Society is entering the age of artificial intelligence. Significant players in every industry are implementing narrow artificial intelligence (NAI) to improve their business processes. As a consequence, no element of the global insurance business model will be untouched. Most insurance product lines will need to be reengineered to reflect the new risks arising out of the adoption and deployment of NAI.
Insurers looking to take advantage of the opportunities that will result from the adoption of NAI or looking to mitigate the unintended risks associated with NAI will have to do research or partner with experts. While NAI’s algorithms are becoming increasingly ubiquitous and autonomous, they are not without fault. It is helpful to understand the actual capabilities of NAI as opposed to its marketed aspirations and to determine the real risks versus media hype. It is important that algorithms are evaluated on their utility, transparency, accountability, explainability and propensity for bias. There is nothing easy about this kind of evaluation. NAI is an increasingly integral part of medical infrastructure systems.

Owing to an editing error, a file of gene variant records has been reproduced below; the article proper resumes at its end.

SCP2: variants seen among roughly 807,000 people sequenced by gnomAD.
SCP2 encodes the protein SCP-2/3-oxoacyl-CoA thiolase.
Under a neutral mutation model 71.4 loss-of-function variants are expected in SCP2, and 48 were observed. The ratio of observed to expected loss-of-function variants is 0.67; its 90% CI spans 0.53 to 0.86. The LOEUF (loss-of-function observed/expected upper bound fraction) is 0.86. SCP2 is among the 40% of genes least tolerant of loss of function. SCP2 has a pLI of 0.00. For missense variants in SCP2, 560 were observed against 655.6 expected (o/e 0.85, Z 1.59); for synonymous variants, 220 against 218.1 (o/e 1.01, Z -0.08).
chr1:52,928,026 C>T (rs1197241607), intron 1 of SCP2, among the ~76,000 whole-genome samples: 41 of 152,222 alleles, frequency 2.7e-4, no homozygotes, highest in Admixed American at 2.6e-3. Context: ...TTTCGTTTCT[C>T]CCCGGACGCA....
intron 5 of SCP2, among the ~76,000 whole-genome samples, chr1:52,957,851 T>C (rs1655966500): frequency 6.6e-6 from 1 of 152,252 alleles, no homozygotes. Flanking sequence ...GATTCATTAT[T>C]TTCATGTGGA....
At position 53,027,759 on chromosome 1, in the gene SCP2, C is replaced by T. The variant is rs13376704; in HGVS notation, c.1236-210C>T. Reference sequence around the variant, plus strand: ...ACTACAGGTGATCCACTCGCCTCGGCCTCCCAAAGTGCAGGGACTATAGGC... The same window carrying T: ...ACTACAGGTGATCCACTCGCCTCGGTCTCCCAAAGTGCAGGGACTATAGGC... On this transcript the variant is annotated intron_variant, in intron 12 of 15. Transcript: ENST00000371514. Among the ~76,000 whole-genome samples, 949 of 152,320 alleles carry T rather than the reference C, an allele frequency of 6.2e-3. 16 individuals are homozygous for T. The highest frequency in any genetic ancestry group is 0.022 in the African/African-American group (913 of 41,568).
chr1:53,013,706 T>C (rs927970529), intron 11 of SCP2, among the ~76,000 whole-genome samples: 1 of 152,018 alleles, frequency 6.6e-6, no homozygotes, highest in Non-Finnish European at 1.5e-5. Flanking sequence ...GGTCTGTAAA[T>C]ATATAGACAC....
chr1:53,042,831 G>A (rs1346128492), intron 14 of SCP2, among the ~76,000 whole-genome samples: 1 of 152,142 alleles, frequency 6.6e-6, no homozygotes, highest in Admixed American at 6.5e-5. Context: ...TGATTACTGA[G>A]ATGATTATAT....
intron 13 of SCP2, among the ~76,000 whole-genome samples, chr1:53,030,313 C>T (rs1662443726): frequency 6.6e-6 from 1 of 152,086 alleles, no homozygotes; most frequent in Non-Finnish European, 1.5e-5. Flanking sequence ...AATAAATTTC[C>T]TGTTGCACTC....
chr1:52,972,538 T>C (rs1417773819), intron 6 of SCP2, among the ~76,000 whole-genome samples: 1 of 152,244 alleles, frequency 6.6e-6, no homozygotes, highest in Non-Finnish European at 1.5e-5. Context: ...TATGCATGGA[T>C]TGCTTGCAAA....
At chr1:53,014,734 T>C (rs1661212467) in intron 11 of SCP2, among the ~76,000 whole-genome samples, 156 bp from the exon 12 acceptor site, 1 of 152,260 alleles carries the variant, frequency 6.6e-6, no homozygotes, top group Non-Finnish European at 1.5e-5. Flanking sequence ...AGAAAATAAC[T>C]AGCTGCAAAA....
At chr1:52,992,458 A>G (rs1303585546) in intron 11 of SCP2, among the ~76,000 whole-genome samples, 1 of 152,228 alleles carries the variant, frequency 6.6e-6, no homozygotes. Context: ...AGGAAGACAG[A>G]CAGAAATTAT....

Artificial intelligence (AI) will enable care that is more personalized, proactive and smarter than ever before – abating acute events through early, accurate detection. Veering from treatment to prevention will disrupt traditional business models.
AI-based applications can now listen to one single heartbeat and detect congestive heart failure (CHF) with 100 percent accuracy. It’s not a stretch to imagine that the dreaded nightmare of ending up in an emergency room (ER) on a gurney has now morphed into a new reality – one where you can proactively detect CHF and then walk into your doctor’s office to discuss options for managing it.
Prevention in this way is powerful. Yet, it has proved elusive for many reasons. None are more telling, perhaps, than the inability to continuously listen and harness our bodies’ voices and messages.
Preventative services constitute 3 percent of overall U.S. healthcare spend. Almost 75 percent of all healthcare spend is tied to treatments for patients with chronic conditions. These figures trend even higher for publicly funded programs – as high as 83 percent for Medicaid and 96 percent for Medicare.
We expect AI will significantly enhance our ability to proactively and accurately detect the likelihood of acute events for a patient with chronic conditions and minimize expensive and unnecessary ER visits or hospital admissions. We also expect it will transform chronic care, prevention and waste.